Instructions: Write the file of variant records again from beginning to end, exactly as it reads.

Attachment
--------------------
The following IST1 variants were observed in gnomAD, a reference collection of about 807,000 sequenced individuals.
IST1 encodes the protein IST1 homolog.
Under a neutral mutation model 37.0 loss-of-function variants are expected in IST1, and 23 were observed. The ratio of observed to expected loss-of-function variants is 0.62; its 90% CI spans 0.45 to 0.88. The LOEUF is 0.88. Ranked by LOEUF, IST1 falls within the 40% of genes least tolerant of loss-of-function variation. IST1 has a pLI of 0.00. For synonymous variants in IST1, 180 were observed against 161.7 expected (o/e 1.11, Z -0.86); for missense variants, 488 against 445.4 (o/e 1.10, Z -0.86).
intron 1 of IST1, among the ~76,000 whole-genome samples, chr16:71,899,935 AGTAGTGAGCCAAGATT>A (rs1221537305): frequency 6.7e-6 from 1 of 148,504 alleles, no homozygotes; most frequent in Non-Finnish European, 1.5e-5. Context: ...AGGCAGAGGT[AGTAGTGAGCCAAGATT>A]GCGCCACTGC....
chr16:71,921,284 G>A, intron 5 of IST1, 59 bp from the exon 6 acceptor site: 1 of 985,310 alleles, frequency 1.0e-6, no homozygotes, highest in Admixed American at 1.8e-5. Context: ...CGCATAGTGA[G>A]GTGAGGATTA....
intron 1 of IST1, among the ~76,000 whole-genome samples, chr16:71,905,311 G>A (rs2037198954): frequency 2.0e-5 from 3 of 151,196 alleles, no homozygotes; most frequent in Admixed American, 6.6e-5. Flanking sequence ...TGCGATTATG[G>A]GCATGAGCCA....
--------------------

The following IST1 variants were observed in gnomAD, a reference collection of about 807,000 sequenced individuals.
IST1 encodes the protein IST1 homolog.
Under a neutral mutation model 37.0 loss-of-function variants are expected in IST1, and 23 were observed. The ratio of observed to expected loss-of-function variants is 0.62; its 90% CI spans 0.45 to 0.88. The LOEUF is 0.88. Ranked by LOEUF, IST1 falls within the 40% of genes least tolerant of loss-of-function variation. IST1 has a pLI of 0.00. For synonymous variants in IST1, 180 were observed against 161.7 expected (o/e 1.11, Z -0.86); for missense variants, 488 against 445.4 (o/e 1.10, Z -0.86).
intron 1 of IST1, among the ~76,000 whole-genome samples, chr16:71,899,935 AGTAGTGAGCCAAGATT>A (rs1221537305): frequency 6.7e-6 from 1 of 148,504 alleles, no homozygotes; most frequent in Non-Finnish European, 1.5e-5. Context: ...AGGCAGAGGT[AGTAGTGAGCCAAGATT>A]GCGCCACTGC....
chr16:71,921,284 G>A, intron 5 of IST1, 59 bp from the exon 6 acceptor site: 1 of 985,310 alleles, frequency 1.0e-6, no homozygotes, highest in Admixed American at 1.8e-5. Context: ...CGCATAGTGA[G>A]GTGAGGATTA....
intron 1 of IST1, among the ~76,000 whole-genome samples, chr16:71,905,311 G>A (rs2037198954): frequency 2.0e-5 from 3 of 151,196 alleles, no homozygotes; most frequent in Admixed American, 6.6e-5. Flanking sequence ...TGCGATTATG[G>A]GCATGAGCCA....